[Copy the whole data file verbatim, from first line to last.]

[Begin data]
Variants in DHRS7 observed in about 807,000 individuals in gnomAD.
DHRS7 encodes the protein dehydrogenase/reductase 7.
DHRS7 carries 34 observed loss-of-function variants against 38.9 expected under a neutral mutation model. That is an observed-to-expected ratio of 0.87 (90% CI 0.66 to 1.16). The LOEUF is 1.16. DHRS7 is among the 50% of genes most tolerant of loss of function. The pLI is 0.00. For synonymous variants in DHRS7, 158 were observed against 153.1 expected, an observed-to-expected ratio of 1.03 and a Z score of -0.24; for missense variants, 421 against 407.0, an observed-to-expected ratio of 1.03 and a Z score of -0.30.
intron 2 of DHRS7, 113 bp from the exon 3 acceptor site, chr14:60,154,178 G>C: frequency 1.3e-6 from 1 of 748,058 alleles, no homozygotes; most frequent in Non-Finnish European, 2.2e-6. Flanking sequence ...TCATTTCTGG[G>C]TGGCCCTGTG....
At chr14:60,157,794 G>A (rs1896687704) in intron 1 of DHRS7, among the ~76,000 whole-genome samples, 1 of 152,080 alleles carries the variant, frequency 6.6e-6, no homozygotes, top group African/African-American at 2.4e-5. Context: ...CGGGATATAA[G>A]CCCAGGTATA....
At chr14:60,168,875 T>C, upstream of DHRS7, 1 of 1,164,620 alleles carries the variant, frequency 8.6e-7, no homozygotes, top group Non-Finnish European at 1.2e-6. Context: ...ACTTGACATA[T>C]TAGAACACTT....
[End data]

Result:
Variants in DHRS7 observed in about 807,000 individuals in gnomAD.
DHRS7 encodes the protein dehydrogenase/reductase 7.
DHRS7 carries 34 observed loss-of-function variants against 38.9 expected under a neutral mutation model. That is an observed-to-expected ratio of 0.87 (90% CI 0.66 to 1.16). The LOEUF is 1.16. DHRS7 is among the 50% of genes most tolerant of loss of function. The pLI is 0.00. For synonymous variants in DHRS7, 158 were observed against 153.1 expected, an observed-to-expected ratio of 1.03 and a Z score of -0.24; for missense variants, 421 against 407.0, an observed-to-expected ratio of 1.03 and a Z score of -0.30.
intron 2 of DHRS7, 113 bp from the exon 3 acceptor site, chr14:60,154,178 G>C: frequency 1.3e-6 from 1 of 748,058 alleles, no homozygotes; most frequent in Non-Finnish European, 2.2e-6. Flanking sequence ...TCATTTCTGG[G>C]TGGCCCTGTG....
At chr14:60,157,794 G>A (rs1896687704) in intron 1 of DHRS7, among the ~76,000 whole-genome samples, 1 of 152,080 alleles carries the variant, frequency 6.6e-6, no homozygotes, top group African/African-American at 2.4e-5. Context: ...CGGGATATAA[G>A]CCCAGGTATA....
At chr14:60,168,875 T>C, upstream of DHRS7, 1 of 1,164,620 alleles carries the variant, frequency 8.6e-7, no homozygotes, top group Non-Finnish European at 1.2e-6. Context: ...ACTTGACATA[T>C]TAGAACACTT....